Sermon Commentary for Sunday, December 6, 2015
Luke 1:68-79 Commentary
Comments, Observations, and Questions to Consider
Has the Lectionary lost its way already on the second Sunday of the church year? The “psalm” the Lectionary appoints for this Sunday is, after all, not actually a psalm, but the song that Zechariah sings at his son’s birth. He was, of course, an elderly priest who was unable to bear children with his wife Elizabeth. Yet God promised him that they would have a child together whom Zechariah was to name John.
The sign of this promise was that God would render the doubting priest unable to speak until his son was born. In our text we read that John is, in fact, able to speak again when people ask him what to name his son. Verse 64 reports that when God finally does “loosen” Zechariah’s tongue, the Spirit equips him to break out in a song of praise to the Lord.
While Zechariah’s song shares some characteristics with Mary’s (Luke 1:46-55), it doesn’t emphasize God’s reversals of human fortunes the way hers does. Yet the priest’s song does emphasize, with Mary’s, God’s faithfulness in sending Israel salvation. It speaks of the way God has kept God’s promise to rescue God’s children from God and their enemies. As a result, Zechariah sings, God’s people can now serve God without fear and be guided by “the rising sun from heaven … into the path of peace.” In doing so, Cynthia Rigby notes, he prophecies about the coming roles of both his son John and distant relative Jesus by pointing to salvation history.
Verse 79 points to the human dilemma into which God sends both John and Jesus. We live, Zechariah mourns, in “darkness” and the “shadow of death.” This, of course, echoes Psalm 23’s reference to walking through “the valley of the shadow of death.” It’s a reminder that death, both spiritual and physical, naturally dogs our every step from birth until God gathers us into the new creation.
This reference offers Luke 1:68-79’s teachers and preachers an opportunity to reflect with hearers on the kind of darkness to which Zechariah refers. Darkness is a physical reality in the season of Advent in which the days shrink and the nights stretch out. It’s also, however, a spiritual reality not just in Advent, even as our malls echo with carols and people speak of holiday cheer. Spiritual darkness plagues every day of our lives. Preachers and teachers of this text might invite those they lead to reflect on evidence of that darkness.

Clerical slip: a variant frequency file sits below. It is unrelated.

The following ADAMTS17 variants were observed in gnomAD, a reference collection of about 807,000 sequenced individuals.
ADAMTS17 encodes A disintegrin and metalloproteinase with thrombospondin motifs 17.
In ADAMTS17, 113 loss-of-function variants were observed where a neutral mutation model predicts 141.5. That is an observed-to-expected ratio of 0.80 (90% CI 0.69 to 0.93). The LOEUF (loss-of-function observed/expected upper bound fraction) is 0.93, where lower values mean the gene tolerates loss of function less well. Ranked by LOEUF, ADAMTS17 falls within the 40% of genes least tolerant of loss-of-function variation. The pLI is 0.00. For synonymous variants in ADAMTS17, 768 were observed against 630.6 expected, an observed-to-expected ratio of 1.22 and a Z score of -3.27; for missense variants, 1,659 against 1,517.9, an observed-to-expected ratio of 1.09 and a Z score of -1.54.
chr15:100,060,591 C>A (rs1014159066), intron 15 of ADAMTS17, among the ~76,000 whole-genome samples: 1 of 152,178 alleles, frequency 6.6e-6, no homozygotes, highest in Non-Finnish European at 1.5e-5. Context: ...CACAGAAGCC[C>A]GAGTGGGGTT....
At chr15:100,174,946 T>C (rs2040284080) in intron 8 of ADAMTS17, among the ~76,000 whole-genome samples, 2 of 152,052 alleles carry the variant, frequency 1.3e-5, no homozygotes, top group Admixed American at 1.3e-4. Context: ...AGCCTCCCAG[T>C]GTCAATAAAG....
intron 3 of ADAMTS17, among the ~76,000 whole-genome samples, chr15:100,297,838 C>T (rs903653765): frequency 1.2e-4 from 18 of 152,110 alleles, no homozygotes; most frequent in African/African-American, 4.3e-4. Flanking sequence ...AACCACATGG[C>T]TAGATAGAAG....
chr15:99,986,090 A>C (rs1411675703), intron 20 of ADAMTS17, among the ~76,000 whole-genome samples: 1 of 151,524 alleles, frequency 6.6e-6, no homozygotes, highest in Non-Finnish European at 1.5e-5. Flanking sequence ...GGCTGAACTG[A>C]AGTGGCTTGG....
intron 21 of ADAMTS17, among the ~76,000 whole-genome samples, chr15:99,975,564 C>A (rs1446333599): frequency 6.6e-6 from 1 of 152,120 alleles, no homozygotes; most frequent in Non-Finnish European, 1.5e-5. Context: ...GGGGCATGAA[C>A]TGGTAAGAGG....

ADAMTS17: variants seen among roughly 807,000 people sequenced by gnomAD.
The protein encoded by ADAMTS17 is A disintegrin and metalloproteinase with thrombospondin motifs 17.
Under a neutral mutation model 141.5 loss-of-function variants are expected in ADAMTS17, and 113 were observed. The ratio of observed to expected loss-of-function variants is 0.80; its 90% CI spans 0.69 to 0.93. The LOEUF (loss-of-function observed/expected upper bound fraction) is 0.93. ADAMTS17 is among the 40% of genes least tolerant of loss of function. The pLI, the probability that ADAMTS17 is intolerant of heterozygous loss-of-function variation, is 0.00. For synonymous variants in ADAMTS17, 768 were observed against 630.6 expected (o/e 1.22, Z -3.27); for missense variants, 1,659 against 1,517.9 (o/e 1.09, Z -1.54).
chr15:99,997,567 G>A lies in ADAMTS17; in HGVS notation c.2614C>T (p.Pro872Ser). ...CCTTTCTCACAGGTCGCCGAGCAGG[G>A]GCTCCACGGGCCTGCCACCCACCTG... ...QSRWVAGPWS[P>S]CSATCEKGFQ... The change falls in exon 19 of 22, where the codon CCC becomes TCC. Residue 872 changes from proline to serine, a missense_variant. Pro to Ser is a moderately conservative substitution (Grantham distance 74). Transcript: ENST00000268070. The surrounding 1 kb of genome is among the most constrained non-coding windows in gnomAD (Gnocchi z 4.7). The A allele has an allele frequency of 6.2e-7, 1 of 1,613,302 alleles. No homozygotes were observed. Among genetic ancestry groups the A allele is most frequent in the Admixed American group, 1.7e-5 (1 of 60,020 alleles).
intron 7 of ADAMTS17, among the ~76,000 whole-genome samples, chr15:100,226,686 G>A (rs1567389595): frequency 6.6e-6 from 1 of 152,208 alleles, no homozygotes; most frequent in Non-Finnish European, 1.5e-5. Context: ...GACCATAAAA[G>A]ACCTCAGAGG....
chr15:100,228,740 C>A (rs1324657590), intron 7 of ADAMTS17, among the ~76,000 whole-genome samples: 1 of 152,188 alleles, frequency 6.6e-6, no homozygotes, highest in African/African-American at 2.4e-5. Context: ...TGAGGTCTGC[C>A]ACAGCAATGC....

Yet Zechariah can praise God because God has responded to that human darkness by redeeming Israel (68). Of course, he repeatedly speaks in the past tense. In doing so the priest doesn’t refer only to the countless ways God has intervened in Israel’s history to rescue her from all sorts of messes, many of which she created herself. He’s also employing a popular prophetic practice of speaking as though God has already accomplished what God has shown the prophet God will do.
Rigby notes that by using past tense verbs, Zechariah is also reminding worshipers that in a real sense, God’s salvation is always both on the way and a present reality. Jesus, God’s “rising sun” has already pierced our spiritual darkness by coming to be born, live, die and rise again from the dead. Yet even as we await Christ’s return, we celebrate his unfailing presence with us to the end of the age (Matthew 28:20). So even as during Advent God’s children prepare to celebrate Christ’s birth, we also look for evidence of his presence now and eagerly anticipate his glorious return.